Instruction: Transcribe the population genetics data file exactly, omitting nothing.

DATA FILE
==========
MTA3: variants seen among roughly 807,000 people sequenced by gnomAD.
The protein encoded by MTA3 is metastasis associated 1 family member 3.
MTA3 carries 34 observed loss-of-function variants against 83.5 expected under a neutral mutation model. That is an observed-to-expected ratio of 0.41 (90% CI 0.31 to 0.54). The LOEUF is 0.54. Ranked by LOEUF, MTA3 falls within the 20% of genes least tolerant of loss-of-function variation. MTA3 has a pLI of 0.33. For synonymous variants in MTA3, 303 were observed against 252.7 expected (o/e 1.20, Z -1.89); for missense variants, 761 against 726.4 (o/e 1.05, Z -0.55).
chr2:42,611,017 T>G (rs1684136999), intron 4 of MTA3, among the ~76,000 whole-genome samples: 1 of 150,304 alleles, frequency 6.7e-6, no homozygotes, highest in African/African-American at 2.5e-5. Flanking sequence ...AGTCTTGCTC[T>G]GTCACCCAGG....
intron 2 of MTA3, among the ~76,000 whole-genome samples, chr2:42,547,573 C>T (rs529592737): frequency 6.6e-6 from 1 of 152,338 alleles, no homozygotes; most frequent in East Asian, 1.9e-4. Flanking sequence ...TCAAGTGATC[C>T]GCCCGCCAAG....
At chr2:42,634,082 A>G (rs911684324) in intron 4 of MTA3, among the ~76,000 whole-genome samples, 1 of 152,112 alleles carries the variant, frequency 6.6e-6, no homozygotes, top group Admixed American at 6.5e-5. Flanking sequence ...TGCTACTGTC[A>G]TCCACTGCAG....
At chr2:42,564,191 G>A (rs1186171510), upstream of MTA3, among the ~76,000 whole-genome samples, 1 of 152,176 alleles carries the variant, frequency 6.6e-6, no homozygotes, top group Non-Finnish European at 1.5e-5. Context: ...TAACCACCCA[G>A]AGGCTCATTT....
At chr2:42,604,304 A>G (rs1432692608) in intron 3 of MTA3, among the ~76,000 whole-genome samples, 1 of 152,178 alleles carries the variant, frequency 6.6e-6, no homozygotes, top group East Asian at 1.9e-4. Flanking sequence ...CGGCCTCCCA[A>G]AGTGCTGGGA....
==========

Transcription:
MTA3: variants seen among roughly 807,000 people sequenced by gnomAD.
The protein encoded by MTA3 is metastasis associated 1 family member 3.
MTA3 carries 34 observed loss-of-function variants against 83.5 expected under a neutral mutation model. That is an observed-to-expected ratio of 0.41 (90% CI 0.31 to 0.54). The LOEUF is 0.54. Ranked by LOEUF, MTA3 falls within the 20% of genes least tolerant of loss-of-function variation. MTA3 has a pLI of 0.33. For synonymous variants in MTA3, 303 were observed against 252.7 expected (o/e 1.20, Z -1.89); for missense variants, 761 against 726.4 (o/e 1.05, Z -0.55).
chr2:42,611,017 T>G (rs1684136999), intron 4 of MTA3, among the ~76,000 whole-genome samples: 1 of 150,304 alleles, frequency 6.7e-6, no homozygotes, highest in African/African-American at 2.5e-5. Flanking sequence ...AGTCTTGCTC[T>G]GTCACCCAGG....
intron 2 of MTA3, among the ~76,000 whole-genome samples, chr2:42,547,573 C>T (rs529592737): frequency 6.6e-6 from 1 of 152,338 alleles, no homozygotes; most frequent in East Asian, 1.9e-4. Flanking sequence ...TCAAGTGATC[C>T]GCCCGCCAAG....
At chr2:42,634,082 A>G (rs911684324) in intron 4 of MTA3, among the ~76,000 whole-genome samples, 1 of 152,112 alleles carries the variant, frequency 6.6e-6, no homozygotes, top group Admixed American at 6.5e-5. Flanking sequence ...TGCTACTGTC[A>G]TCCACTGCAG....
At chr2:42,564,191 G>A (rs1186171510), upstream of MTA3, among the ~76,000 whole-genome samples, 1 of 152,176 alleles carries the variant, frequency 6.6e-6, no homozygotes, top group Non-Finnish European at 1.5e-5. Context: ...TAACCACCCA[G>A]AGGCTCATTT....
At chr2:42,604,304 A>G (rs1432692608) in intron 3 of MTA3, among the ~76,000 whole-genome samples, 1 of 152,178 alleles carries the variant, frequency 6.6e-6, no homozygotes, top group East Asian at 1.9e-4. Flanking sequence ...CGGCCTCCCA[A>G]AGTGCTGGGA....